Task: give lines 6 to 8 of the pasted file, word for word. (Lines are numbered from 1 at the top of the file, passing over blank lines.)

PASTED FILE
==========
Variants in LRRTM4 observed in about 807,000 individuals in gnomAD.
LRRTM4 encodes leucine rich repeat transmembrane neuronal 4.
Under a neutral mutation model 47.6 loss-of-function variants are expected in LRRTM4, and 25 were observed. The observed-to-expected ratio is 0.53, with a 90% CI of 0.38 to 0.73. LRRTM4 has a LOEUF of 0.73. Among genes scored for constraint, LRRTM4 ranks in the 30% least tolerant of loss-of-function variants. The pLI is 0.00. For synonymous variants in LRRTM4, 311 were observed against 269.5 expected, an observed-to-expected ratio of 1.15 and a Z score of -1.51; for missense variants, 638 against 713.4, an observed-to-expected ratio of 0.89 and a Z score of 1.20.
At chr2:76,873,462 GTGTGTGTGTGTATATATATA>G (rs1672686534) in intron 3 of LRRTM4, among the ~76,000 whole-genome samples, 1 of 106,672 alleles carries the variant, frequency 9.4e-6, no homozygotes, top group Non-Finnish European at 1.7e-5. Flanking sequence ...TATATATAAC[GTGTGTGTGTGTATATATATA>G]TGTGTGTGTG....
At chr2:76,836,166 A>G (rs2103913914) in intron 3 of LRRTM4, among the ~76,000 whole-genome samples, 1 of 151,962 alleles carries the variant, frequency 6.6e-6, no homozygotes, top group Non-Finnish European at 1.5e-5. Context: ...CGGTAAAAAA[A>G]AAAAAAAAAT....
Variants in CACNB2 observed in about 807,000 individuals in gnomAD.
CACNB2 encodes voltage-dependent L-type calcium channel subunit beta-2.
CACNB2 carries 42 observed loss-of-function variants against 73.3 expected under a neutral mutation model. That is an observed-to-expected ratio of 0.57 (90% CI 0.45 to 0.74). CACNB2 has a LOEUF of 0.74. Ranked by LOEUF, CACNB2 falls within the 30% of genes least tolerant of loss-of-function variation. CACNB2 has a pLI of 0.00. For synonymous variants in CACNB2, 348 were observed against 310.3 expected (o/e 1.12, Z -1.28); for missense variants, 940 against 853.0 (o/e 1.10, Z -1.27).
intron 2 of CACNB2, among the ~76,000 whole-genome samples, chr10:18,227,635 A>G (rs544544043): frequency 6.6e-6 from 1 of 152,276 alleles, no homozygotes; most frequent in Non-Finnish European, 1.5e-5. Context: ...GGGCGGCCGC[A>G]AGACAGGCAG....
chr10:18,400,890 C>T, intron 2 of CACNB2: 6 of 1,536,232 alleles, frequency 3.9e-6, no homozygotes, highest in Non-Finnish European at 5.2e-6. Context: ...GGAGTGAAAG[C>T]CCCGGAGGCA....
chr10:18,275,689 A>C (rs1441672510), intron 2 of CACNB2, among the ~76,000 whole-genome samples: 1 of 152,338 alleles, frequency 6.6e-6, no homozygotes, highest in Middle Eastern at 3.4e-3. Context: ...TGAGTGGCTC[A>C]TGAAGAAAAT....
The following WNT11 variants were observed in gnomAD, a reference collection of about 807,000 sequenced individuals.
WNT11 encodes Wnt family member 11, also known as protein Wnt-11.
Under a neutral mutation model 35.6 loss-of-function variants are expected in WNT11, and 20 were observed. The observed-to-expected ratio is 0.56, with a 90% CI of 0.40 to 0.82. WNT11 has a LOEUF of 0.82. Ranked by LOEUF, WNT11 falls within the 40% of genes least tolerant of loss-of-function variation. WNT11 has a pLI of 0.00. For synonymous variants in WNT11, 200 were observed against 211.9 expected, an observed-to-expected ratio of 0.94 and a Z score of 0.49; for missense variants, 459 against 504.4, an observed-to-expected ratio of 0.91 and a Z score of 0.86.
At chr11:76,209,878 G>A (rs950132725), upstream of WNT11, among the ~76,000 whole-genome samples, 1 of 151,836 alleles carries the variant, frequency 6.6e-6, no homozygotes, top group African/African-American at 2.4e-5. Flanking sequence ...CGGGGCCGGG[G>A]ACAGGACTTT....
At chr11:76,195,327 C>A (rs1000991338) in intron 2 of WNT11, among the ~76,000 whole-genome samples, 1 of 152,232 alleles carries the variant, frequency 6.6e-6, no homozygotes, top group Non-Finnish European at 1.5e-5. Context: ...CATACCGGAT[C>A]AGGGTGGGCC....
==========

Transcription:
Variants in CACNB2 observed in about 807,000 individuals in gnomAD.
CACNB2 encodes voltage-dependent L-type calcium channel subunit beta-2.
CACNB2 carries 42 observed loss-of-function variants against 73.3 expected under a neutral mutation model. That is an observed-to-expected ratio of 0.57 (90% CI 0.45 to 0.74). CACNB2 has a LOEUF of 0.74. Ranked by LOEUF, CACNB2 falls within the 30% of genes least tolerant of loss-of-function variation. CACNB2 has a pLI of 0.00. For synonymous variants in CACNB2, 348 were observed against 310.3 expected (o/e 1.12, Z -1.28); for missense variants, 940 against 853.0 (o/e 1.10, Z -1.27).